Registrars and the accreditation process

Why should a company adopt ISO registration? Bill Sullivan of ABS Quality Evaluations, Inc. (Houston, TX) suggests three reasons: (1) The intrinsic value of operating to a quality standard; (2) An edge over the competition; (3) Key customers and prospects may soon be demand it. A small but increasing number of companies are making certification a prerequisite to being on their approved supplier list. Also, a growing number of private businesses are reportedly accepting registration certificates rather than conducting vendor audits.

Sullivan says, “The counsel we give customers is that if you do this evaluation — whether it be for the value of improving your process, sales and marketing or because of your customers, — once you`ve established the need for a compliance system, put a plan in place that allows you to do it at your speed and not somebody else`s. You don`t want to get yourself in a position where your largest customer gives you an `or else` backstop of, say, six months!”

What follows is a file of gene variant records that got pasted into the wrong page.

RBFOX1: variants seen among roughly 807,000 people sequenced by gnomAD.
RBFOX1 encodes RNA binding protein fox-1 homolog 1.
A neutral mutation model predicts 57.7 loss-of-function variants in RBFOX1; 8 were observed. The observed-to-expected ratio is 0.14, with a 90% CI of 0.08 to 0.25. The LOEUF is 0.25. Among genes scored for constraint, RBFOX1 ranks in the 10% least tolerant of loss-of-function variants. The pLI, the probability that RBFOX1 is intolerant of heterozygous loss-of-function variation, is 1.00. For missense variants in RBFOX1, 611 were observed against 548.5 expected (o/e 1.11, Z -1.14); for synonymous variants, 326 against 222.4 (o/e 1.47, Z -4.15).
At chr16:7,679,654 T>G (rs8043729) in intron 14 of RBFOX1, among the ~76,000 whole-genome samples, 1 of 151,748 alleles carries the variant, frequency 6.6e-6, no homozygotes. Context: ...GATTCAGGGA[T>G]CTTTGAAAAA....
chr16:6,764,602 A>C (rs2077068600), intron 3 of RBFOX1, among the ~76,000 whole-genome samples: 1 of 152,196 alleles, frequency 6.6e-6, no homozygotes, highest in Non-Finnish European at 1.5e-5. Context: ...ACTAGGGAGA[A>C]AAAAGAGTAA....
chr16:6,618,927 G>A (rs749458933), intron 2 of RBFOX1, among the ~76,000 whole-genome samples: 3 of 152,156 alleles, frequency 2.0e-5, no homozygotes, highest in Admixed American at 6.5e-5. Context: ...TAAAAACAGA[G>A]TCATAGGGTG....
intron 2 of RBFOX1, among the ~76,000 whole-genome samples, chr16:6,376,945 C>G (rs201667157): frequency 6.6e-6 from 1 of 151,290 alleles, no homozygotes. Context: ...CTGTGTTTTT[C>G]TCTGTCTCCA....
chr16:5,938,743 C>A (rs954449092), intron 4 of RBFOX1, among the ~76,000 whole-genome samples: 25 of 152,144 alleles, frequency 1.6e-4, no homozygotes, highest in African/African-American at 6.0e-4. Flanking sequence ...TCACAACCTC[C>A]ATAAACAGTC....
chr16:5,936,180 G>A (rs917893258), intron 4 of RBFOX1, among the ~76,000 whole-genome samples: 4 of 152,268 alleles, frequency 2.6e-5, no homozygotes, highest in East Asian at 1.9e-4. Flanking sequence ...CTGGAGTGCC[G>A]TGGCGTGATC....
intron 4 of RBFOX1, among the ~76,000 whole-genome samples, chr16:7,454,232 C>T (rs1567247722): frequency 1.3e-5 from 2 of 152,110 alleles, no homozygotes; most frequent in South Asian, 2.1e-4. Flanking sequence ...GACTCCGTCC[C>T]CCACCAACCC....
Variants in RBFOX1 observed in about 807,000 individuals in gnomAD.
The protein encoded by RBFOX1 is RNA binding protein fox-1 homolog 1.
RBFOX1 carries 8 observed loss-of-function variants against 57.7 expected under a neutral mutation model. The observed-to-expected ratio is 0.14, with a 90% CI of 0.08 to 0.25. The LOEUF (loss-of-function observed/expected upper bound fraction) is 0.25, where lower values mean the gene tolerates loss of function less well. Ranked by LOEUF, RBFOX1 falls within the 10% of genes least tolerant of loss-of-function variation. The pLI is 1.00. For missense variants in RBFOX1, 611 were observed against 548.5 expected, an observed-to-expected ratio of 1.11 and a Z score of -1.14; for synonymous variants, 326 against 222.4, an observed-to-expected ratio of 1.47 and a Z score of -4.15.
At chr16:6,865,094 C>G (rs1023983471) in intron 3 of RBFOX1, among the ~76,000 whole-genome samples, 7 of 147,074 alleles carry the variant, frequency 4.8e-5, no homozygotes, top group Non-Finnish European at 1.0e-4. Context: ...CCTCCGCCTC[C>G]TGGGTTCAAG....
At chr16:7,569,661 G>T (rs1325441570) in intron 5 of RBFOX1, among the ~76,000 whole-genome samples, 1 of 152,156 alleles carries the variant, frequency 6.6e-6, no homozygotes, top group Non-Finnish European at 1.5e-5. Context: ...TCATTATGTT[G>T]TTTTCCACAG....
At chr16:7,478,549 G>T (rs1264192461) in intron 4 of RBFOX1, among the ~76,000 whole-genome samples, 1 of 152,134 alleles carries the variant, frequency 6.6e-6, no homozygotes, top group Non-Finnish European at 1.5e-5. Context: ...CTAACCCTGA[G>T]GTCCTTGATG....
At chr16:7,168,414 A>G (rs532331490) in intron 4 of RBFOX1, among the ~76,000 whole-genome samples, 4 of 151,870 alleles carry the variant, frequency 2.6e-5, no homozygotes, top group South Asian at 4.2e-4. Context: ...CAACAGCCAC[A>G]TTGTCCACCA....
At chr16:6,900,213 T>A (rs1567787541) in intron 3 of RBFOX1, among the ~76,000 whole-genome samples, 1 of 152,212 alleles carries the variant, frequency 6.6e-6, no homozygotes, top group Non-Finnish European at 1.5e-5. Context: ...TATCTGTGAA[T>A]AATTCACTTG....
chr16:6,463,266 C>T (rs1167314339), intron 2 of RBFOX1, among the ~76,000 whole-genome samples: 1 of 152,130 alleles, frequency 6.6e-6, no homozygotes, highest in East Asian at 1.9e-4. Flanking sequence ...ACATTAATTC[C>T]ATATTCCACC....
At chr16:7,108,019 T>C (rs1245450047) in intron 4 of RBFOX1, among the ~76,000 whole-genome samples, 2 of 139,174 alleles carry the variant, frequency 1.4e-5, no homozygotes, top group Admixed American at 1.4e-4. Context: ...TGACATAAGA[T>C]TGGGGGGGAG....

Selecting a registrar

Over the last five years, ISO 9000 has become big business. There has been an enormous growth in the number of companies offering certification services — some less than credible, says ABS`s Sullivan. The growth in the number of consultants has been even greater. “The world of ISO 9000 is, by and large, a totally unregulated market. In the ISO 9000 arena, anyone can call themselves an ISO 9000 registrar, take some money from you, perform an audit and issue you an ISO 9000 certificate.” Sullivan advises calling some registrars, getting copies of their certified companies` directors, and picking out those companies who are either in the same business or whose judgment you trust.